“I believed it was somebody from the American Indian Movement,” she said. “I wasn’t absolutely sure who.”

As Hanna brought out in cross-examination, AIM was not a unified group. Ecoffey agreed that each AIM leader has his own followers and that the different factions within AIM did not always get along.

“They all wanted to be the boss, and there were frequently tensions among them?” Hanna asked.

“Yes,” she replied.

Ecoffey said she “had heard” that Clarke once transported dynamite at the request of Dennis Banks. Graham, whom Clarke sometimes introduced as her nephew, was often with Clarke.

Ecoffey said that in 2000 she began her own investigation into what had happened to Aquash. It wasn’t until later that she became a cooperating witness for the government, providing them with information.

That information included a secretly recorded six-hour conversation with Looking Cloud, who was convicted in 2004 of Aquash’s murder and is serving life in prison. Looking Cloud does not mention Marshall.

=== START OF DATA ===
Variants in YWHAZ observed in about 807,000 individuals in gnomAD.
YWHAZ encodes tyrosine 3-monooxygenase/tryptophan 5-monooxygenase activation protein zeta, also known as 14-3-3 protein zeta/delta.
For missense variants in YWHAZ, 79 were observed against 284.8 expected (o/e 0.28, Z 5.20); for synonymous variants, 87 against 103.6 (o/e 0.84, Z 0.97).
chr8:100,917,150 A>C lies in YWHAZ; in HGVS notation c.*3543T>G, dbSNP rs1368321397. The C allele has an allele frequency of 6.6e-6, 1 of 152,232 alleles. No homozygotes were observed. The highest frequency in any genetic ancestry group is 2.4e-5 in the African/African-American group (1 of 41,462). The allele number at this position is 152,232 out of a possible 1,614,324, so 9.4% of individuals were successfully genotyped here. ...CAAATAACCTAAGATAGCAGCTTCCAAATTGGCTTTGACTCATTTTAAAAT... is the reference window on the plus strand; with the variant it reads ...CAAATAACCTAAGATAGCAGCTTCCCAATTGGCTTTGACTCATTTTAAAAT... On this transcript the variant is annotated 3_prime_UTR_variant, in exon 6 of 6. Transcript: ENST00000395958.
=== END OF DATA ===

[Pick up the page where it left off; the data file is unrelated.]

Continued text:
Ecoffey and Chapman eventually worked together somewhat on the investigation. Chapman said that initially he was very reluctant to cooperate, telling federal authorities that first he wanted to see a crime scene photo and an autopsy photo.

When asked why, Chapman said, “I was a disciple of Bruce Ellison’s pretty much.”

He said Ellison -- a local attorney who was affiliated with the Wounded Knee legal committee -- and others in AIM had told him that anyone who knew Aquash would have been able to identify her remains, suggesting that the government was trying to hide its own involvement in her death by cutting off her hands.